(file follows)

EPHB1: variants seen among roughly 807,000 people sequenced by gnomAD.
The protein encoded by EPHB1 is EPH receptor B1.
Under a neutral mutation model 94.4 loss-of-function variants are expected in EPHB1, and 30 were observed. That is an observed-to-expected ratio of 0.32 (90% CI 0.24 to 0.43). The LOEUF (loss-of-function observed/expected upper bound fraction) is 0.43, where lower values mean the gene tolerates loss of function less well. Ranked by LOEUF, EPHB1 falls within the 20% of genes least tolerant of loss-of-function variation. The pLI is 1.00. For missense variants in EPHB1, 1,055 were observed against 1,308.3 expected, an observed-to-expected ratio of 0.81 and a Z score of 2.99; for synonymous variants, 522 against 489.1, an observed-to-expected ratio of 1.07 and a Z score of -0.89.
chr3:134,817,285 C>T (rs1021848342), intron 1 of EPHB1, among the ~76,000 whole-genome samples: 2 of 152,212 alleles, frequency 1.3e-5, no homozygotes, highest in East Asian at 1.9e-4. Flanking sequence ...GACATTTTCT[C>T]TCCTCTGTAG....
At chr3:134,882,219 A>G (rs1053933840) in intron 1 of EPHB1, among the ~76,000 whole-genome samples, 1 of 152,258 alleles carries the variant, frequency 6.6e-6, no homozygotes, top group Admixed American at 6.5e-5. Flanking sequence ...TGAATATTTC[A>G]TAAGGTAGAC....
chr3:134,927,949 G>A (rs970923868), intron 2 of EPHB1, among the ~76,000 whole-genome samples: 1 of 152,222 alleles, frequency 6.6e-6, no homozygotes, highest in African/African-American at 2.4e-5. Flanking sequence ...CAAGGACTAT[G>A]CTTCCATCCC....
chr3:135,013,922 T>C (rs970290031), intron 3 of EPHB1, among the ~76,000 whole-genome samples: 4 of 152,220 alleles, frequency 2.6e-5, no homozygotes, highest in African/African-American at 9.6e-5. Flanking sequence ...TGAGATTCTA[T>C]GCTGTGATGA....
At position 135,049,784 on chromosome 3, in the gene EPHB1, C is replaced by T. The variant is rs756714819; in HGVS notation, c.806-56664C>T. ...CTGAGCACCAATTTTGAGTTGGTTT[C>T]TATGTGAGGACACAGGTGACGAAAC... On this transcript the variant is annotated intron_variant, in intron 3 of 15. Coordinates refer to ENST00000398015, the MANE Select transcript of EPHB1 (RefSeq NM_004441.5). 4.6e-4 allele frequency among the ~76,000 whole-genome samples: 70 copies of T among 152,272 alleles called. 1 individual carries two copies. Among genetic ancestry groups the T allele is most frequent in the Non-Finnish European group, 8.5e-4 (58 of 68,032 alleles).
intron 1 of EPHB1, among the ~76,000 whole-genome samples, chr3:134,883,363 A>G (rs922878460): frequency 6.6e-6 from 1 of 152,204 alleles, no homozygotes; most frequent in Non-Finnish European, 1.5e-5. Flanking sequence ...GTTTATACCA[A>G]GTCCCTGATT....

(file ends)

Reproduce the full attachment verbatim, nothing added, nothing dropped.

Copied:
EPHB1: variants seen among roughly 807,000 people sequenced by gnomAD.
The protein encoded by EPHB1 is EPH receptor B1.
Under a neutral mutation model 94.4 loss-of-function variants are expected in EPHB1, and 30 were observed. That is an observed-to-expected ratio of 0.32 (90% CI 0.24 to 0.43). The LOEUF (loss-of-function observed/expected upper bound fraction) is 0.43, where lower values mean the gene tolerates loss of function less well. Ranked by LOEUF, EPHB1 falls within the 20% of genes least tolerant of loss-of-function variation. The pLI is 1.00. For missense variants in EPHB1, 1,055 were observed against 1,308.3 expected, an observed-to-expected ratio of 0.81 and a Z score of 2.99; for synonymous variants, 522 against 489.1, an observed-to-expected ratio of 1.07 and a Z score of -0.89.
chr3:134,817,285 C>T (rs1021848342), intron 1 of EPHB1, among the ~76,000 whole-genome samples: 2 of 152,212 alleles, frequency 1.3e-5, no homozygotes, highest in East Asian at 1.9e-4. Flanking sequence ...GACATTTTCT[C>T]TCCTCTGTAG....
At chr3:134,882,219 A>G (rs1053933840) in intron 1 of EPHB1, among the ~76,000 whole-genome samples, 1 of 152,258 alleles carries the variant, frequency 6.6e-6, no homozygotes, top group Admixed American at 6.5e-5. Flanking sequence ...TGAATATTTC[A>G]TAAGGTAGAC....
chr3:134,927,949 G>A (rs970923868), intron 2 of EPHB1, among the ~76,000 whole-genome samples: 1 of 152,222 alleles, frequency 6.6e-6, no homozygotes, highest in African/African-American at 2.4e-5. Flanking sequence ...CAAGGACTAT[G>A]CTTCCATCCC....
chr3:135,013,922 T>C (rs970290031), intron 3 of EPHB1, among the ~76,000 whole-genome samples: 4 of 152,220 alleles, frequency 2.6e-5, no homozygotes, highest in African/African-American at 9.6e-5. Flanking sequence ...TGAGATTCTA[T>C]GCTGTGATGA....
At position 135,049,784 on chromosome 3, in the gene EPHB1, C is replaced by T. The variant is rs756714819; in HGVS notation, c.806-56664C>T. ...CTGAGCACCAATTTTGAGTTGGTTT[C>T]TATGTGAGGACACAGGTGACGAAAC... On this transcript the variant is annotated intron_variant, in intron 3 of 15. Coordinates refer to ENST00000398015, the MANE Select transcript of EPHB1 (RefSeq NM_004441.5). 4.6e-4 allele frequency among the ~76,000 whole-genome samples: 70 copies of T among 152,272 alleles called. 1 individual carries two copies. Among genetic ancestry groups the T allele is most frequent in the Non-Finnish European group, 8.5e-4 (58 of 68,032 alleles).
intron 1 of EPHB1, among the ~76,000 whole-genome samples, chr3:134,883,363 A>G (rs922878460): frequency 6.6e-6 from 1 of 152,204 alleles, no homozygotes; most frequent in Non-Finnish European, 1.5e-5. Flanking sequence ...GTTTATACCA[A>G]GTCCCTGATT....